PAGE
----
...Xers were the first generation with large numbers raised in broken homes. Almost one-third had divorced parents, compared with 13 percent of boomers, according to the Yankelovich research analysis firm. Nearly half of all Xers had working moms.

Compared to permissive baby boomers, Gen Xers are more likely to set boundaries for their children, and less addicted to signing up the kids for endless enrichment activities, researchers say. That sounds like good news.

My kid brother and his wife are GenXers, and they certainly are dedicated parents. My niece, Virginia, just started kindergarten.

Helicopter Parents

Of course, it’s possible to be too involved with one’s children. Universities are beefing up parent orientation sessions to deal with "helicopter parents" who hover over their offspring, reports the Christian Science Monitor. Samuel Freedman also has a New York Times column on parents who have trouble letting go.

In my day, parents put us on the brontosaurus and sent us off to college, without feeling the need to come along for hand-holding and hovering.

Ivy Schmivy

Gregg Easterbrook, ever a heretic, thinks going to a super-selective college is not the essential ticket to human happiness, wealth or power. In Who Needs Harvard? in The Atlantic and a follow-up interview, Easterbrook argues that students will do just as well at second-tier schools such as Michigan, Virginia, Grinnell, Claremont McKenna, Vanderbilt, Emory, etc.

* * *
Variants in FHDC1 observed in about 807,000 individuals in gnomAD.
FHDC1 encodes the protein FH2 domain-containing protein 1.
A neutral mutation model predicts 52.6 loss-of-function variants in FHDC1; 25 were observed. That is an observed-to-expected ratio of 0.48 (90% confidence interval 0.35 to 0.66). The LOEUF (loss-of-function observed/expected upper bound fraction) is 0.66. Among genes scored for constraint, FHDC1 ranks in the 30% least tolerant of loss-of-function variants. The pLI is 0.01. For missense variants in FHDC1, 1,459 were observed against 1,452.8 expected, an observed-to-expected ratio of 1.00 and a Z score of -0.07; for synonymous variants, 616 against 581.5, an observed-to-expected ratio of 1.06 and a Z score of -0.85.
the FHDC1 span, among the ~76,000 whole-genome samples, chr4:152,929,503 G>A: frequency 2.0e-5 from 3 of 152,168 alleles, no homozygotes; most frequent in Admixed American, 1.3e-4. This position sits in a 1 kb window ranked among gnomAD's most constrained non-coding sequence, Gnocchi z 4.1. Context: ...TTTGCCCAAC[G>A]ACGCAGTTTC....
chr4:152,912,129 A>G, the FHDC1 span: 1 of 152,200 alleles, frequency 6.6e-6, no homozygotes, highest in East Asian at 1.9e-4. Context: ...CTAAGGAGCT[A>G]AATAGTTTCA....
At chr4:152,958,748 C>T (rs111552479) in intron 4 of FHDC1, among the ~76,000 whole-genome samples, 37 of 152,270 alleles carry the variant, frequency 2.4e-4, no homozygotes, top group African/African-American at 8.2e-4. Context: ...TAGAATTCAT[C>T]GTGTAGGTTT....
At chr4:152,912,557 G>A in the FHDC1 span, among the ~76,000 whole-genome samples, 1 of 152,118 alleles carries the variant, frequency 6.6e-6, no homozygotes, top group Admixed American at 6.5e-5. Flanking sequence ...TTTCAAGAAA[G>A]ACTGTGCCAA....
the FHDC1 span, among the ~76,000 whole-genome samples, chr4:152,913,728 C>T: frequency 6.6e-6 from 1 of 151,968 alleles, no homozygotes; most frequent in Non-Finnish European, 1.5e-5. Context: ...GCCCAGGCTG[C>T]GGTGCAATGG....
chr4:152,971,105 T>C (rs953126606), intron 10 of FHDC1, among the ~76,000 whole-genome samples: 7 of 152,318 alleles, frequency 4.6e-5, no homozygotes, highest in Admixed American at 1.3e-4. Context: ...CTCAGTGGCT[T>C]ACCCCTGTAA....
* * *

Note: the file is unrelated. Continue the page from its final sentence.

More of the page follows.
The 25 Gotta-Get-Ins of the moment, according to admissions officers, are the Ivies (Brown, Columbia, Cornell, Dartmouth, Harvard, Penn, Princeton, and Yale), plus Amherst, Berkeley, Caltech, Chicago, Duke, Georgetown, Johns Hopkins, MIT, Northwestern, Pomona, Smith, Stanford, Swarthmore, Vassar, Washington University in St. Louis, Wellesley, and Williams... (A)lthough the total number of college applicants keeps increasing, the number of freshman slots at the elite colleges has changed little. Thus competition for elite-college admission has grown ever more cutthroat.

Easterbrook's sources estimate the top 100 colleges, or even the top 200, provide a good education and access to opportunities.

Here are the 500 best universities in the world, according to Shanghai Jiao Tong University. The list starts: Harvard, Stanford, Cambridge, Berkeley, MIT, Cal Tech, Princeton, Oxford, Columbia, Chicago.

NormBlog and Nelson Ascher point out the regional breakdown. Of the top 20, 17 are U.S., two British and one Japanese, Ascher writes:

Only 35 countries have at least one university among the 500 (more exactly 502) best.

While Israel (population around 6 millions or 0.1 percent of mankind) has seven of these, all the Islamic countries together (maybe 1/5 of mankind) have not a single one.

The rankings methodology favors universities with prize-winning scientists.

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JWR contributor Joanne Jacobs, a former Knight-Ridder columnist and San Jose Mercury News editorial writer, blogs daily at She is currently finishing a book, Start-Up High, about a San Jose charter school. Comment by clicking here.


© 2004, Joanne Jacobs